She sells her strengths abroad, but weaponises her blandness at homeby Kati Krause / August 15, 2017 / Leave a comment
Published in September 2017 issue of Prospect Magazine
“In parliamentary work, ‘standstill’ may appear agonising, yet for voters it doesn’t hold any horror in times of crisis,” the late German journalist Roger Willemsen wrote after witnessing a Bundestag debate in March 2013, six months before the last general election in Germany. “The [Social Democratic] opposition may have found the government’s blockades a hard nut to crack—citizens however desire above all to maintain the status quo. For them, the inertia… isn’t an argument for voting anyone out. ‘Standstill’ simply has too good a reputation these days.”
The subsequent September 2013 election gave Angela Merkel her third term as Chancellor. As it stands, Willemsen’s observation could just as easily apply this summer. Then as now, Merkel’s conservative Christian Democratic Union/Christian Social Union (CDU/CSU) alliance was the largest party in a coalition government. Some ministers have changed and the Social Democratic Party (SPD), then the main opposition party, is today part of the government—not that it makes much of a difference. Then, the crisis Germans worried about was of the euro and Greek debt; today, it is of refugees and a shifting world order. Then, the man prodding Germans with his visions for the future with signs of increasing desperation, was Peer Steinbrück; today, it is Martin Schulz. We will be forgiven for mixing them up in 10 years’ time. In Germany, 24th September 2017 could just as well be called Groundhog Election Day.
In much of the west, voters have been keen to break things—or at the very least break with the past. The UK has voted to leave the European Union and is dallying with the idea of a radical socialist prime minister; France has given its established parties a good kicking; and the US, of course, has decided to administer that kicking to not only to its own establishment but to the world as a whole, by electing Donald Trump. The Polish, Hungarian and Turkish regimes are moving to undermine liberal democracy. Countries and communities are ever-more polarised.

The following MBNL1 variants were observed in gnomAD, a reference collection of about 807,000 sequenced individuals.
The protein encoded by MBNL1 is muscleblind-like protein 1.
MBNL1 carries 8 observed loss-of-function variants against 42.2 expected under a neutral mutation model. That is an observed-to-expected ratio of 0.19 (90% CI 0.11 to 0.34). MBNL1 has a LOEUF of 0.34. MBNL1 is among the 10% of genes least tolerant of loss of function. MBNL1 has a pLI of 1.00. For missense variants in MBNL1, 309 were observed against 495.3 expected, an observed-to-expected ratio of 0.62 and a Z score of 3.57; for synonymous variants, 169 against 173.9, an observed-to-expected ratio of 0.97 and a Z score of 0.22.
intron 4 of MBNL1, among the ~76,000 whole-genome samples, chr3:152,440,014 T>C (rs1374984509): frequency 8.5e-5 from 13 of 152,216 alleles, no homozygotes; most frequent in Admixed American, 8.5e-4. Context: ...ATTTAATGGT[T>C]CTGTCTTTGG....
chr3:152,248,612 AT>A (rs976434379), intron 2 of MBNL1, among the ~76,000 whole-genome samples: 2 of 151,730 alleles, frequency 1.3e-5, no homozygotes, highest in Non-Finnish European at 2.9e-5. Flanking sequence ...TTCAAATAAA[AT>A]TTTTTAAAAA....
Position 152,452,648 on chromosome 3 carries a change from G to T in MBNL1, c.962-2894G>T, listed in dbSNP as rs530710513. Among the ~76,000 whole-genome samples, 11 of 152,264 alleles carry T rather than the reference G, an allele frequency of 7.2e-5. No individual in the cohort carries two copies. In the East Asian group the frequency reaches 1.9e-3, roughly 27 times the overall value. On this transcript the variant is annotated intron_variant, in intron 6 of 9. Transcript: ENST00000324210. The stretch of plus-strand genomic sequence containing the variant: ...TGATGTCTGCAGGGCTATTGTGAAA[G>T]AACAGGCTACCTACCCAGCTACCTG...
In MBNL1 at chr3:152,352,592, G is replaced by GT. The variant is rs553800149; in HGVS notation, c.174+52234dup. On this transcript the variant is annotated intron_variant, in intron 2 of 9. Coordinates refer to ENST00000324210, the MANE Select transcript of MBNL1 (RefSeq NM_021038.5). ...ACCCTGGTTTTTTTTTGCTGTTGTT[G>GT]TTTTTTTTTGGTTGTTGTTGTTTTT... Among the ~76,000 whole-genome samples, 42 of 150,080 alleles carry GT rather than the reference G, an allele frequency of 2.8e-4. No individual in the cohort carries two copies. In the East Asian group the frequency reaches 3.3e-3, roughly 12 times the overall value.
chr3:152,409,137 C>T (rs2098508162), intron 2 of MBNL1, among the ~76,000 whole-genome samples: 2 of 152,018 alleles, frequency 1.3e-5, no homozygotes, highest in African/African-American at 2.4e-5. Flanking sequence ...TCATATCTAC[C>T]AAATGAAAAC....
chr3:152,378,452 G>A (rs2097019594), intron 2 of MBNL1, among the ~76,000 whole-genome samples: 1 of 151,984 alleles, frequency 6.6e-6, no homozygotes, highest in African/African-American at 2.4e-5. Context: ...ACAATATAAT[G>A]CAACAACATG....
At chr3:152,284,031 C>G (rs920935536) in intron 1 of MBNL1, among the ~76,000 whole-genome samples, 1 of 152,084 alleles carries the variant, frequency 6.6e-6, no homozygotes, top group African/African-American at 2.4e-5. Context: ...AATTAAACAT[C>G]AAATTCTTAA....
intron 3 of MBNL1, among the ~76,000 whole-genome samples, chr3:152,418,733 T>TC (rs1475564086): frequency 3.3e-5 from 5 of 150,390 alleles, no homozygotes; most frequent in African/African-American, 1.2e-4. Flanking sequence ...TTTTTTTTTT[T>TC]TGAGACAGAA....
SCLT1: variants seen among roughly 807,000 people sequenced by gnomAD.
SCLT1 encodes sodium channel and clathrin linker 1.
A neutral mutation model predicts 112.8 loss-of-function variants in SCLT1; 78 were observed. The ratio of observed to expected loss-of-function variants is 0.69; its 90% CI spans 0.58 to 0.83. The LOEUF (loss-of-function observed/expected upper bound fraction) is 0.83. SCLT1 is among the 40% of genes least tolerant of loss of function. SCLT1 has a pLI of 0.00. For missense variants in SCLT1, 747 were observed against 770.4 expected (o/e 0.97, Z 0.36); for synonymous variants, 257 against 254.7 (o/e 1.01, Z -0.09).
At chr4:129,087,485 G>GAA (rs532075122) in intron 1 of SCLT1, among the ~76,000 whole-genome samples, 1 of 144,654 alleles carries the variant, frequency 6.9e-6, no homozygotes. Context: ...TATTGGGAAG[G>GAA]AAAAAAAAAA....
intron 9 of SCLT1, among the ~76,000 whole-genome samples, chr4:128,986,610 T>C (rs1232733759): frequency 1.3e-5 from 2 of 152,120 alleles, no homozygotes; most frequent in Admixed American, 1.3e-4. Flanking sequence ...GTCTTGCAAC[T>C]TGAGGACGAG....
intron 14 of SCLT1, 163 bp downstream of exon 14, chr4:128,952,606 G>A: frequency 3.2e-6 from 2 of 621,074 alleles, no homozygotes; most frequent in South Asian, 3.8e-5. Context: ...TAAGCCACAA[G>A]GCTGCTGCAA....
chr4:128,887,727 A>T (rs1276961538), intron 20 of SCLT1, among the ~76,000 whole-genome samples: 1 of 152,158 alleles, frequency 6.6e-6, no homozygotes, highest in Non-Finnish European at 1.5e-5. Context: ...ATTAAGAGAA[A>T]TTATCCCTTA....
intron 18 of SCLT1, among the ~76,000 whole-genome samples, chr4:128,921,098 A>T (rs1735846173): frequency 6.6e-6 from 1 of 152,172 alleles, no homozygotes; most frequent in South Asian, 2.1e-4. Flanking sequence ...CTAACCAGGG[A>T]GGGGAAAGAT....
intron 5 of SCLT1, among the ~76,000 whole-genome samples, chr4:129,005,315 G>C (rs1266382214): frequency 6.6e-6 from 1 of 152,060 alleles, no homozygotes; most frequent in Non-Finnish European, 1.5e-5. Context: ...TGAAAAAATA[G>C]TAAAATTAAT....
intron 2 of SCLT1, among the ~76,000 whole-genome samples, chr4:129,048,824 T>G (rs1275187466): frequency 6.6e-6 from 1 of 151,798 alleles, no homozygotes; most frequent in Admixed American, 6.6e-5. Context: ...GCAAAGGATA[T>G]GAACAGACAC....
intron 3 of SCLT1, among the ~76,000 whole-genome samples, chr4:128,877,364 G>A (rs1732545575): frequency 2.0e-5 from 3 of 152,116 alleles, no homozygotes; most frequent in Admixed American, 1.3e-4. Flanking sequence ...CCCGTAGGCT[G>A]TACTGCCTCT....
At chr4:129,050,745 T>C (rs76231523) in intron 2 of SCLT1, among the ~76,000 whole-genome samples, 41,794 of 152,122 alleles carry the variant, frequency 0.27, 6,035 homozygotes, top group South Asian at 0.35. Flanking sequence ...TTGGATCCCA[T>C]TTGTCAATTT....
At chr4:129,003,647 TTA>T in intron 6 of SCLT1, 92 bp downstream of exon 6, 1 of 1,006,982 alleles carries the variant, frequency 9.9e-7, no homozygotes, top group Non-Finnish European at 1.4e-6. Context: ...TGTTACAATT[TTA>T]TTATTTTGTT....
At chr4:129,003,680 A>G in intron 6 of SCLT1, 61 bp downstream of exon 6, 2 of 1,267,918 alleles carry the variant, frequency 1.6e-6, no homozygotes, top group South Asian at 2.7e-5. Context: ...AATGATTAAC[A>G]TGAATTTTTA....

But while a common refrain among pollsters, pundits and random bystanders after the US election was “we don’t know anything anymore”—the rhetorical equivalent of throwing one’s hands in the air—there is something they all predict with increasing certainty: on 25th September, Merkel will still be chancellor. At the end of July, Merkel’s CDU/CSU union was polling at 40 per cent, leaving her main rival the SPD out of view at a distant 23 per cent. Merkel herself had a 69 per cent approval rating. Granted, campaigning had not yet officially begun—and Merkel may recall that Theresa May had an even larger lead than that before the UK election campaign began earlier this year. But Germany isn’t a country for surprises. The truism that “elections have consequences” is simply less true in Germany.